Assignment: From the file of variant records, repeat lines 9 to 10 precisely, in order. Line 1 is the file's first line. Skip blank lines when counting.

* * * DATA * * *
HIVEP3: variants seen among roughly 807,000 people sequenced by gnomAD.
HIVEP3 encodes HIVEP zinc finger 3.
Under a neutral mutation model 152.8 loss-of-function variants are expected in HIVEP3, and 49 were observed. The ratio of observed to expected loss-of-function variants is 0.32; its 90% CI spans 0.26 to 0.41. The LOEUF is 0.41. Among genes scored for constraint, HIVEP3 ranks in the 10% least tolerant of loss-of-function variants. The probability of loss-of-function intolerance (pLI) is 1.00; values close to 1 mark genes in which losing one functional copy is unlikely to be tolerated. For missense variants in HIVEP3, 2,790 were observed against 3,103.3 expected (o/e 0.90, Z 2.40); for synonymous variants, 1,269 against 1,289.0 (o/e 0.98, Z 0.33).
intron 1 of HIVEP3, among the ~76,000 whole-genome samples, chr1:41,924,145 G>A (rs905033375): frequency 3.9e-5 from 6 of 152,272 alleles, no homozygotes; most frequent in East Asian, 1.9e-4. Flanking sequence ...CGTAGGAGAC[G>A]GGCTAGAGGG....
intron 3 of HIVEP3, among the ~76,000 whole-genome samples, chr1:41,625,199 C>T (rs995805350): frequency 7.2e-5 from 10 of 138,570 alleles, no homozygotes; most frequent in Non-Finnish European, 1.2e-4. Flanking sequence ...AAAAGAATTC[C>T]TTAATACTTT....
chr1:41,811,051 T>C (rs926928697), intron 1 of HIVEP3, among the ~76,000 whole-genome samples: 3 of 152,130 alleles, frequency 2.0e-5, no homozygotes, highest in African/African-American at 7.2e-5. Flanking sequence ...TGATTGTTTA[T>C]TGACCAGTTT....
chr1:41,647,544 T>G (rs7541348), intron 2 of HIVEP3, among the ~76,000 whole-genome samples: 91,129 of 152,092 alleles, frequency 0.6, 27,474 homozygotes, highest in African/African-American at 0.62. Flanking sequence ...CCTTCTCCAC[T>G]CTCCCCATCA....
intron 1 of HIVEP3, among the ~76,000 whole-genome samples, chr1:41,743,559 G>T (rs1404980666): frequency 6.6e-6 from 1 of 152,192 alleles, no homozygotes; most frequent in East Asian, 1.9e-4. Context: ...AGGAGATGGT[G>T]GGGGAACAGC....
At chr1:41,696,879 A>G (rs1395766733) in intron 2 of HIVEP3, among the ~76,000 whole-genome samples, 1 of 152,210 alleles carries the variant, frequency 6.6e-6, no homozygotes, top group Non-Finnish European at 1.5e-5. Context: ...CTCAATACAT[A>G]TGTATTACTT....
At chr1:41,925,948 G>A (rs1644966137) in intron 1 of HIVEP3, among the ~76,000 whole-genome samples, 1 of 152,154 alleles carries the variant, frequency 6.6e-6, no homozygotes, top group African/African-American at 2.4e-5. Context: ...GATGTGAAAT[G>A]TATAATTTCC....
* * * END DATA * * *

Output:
At chr1:41,696,879 A>G (rs1395766733) in intron 2 of HIVEP3, among the ~76,000 whole-genome samples, 1 of 152,210 alleles carries the variant, frequency 6.6e-6, no homozygotes, top group Non-Finnish European at 1.5e-5. Context: ...CTCAATACAT[A>G]TGTATTACTT....
At chr1:41,925,948 G>A (rs1644966137) in intron 1 of HIVEP3, among the ~76,000 whole-genome samples, 1 of 152,154 alleles carries the variant, frequency 6.6e-6, no homozygotes, top group African/African-American at 2.4e-5. Context: ...GATGTGAAAT[G>A]TATAATTTCC....